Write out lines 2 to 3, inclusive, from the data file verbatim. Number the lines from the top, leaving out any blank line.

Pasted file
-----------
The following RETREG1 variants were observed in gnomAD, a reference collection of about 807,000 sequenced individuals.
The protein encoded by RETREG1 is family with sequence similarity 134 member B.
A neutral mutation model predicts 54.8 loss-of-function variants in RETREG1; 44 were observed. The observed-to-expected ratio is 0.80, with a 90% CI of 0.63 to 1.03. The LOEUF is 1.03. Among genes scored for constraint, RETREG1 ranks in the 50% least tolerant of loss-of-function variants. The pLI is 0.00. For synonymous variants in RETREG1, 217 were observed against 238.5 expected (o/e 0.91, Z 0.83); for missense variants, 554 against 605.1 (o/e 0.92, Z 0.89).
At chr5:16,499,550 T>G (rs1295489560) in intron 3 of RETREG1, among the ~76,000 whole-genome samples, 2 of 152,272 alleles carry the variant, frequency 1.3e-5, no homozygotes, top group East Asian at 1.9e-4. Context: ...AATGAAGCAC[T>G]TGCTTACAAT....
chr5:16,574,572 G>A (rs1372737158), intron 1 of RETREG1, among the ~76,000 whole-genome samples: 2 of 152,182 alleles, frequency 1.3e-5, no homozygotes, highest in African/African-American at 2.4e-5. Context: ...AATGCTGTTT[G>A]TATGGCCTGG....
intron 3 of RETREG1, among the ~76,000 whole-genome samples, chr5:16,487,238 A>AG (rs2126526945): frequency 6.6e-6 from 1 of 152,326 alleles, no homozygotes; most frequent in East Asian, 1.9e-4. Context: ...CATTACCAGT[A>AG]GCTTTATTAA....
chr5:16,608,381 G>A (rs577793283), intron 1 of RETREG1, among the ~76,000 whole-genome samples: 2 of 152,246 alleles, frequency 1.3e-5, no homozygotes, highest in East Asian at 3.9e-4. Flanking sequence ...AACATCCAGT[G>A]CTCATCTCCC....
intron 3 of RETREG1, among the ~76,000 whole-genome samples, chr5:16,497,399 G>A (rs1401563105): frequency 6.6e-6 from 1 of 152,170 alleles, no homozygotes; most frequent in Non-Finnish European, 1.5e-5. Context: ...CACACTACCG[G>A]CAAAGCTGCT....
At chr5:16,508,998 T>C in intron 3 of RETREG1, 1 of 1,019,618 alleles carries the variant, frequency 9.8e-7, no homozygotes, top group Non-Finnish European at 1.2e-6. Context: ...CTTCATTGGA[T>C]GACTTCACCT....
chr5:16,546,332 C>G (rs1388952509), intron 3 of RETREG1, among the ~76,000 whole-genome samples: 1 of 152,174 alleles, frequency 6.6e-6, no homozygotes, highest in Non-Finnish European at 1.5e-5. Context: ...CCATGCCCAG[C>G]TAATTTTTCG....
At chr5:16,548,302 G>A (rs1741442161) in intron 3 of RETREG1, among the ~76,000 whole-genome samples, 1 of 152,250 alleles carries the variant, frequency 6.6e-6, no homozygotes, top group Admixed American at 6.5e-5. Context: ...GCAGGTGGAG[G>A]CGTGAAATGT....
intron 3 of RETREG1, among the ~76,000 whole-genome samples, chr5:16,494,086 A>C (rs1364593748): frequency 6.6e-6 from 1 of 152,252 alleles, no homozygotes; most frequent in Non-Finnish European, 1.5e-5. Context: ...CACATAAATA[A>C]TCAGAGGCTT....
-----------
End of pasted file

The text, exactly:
The protein encoded by RETREG1 is family with sequence similarity 134 member B.
A neutral mutation model predicts 54.8 loss-of-function variants in RETREG1; 44 were observed. The observed-to-expected ratio is 0.80, with a 90% CI of 0.63 to 1.03. The LOEUF is 1.03. Among genes scored for constraint, RETREG1 ranks in the 50% least tolerant of loss-of-function variants. The pLI is 0.00. For synonymous variants in RETREG1, 217 were observed against 238.5 expected (o/e 0.91, Z 0.83); for missense variants, 554 against 605.1 (o/e 0.92, Z 0.89).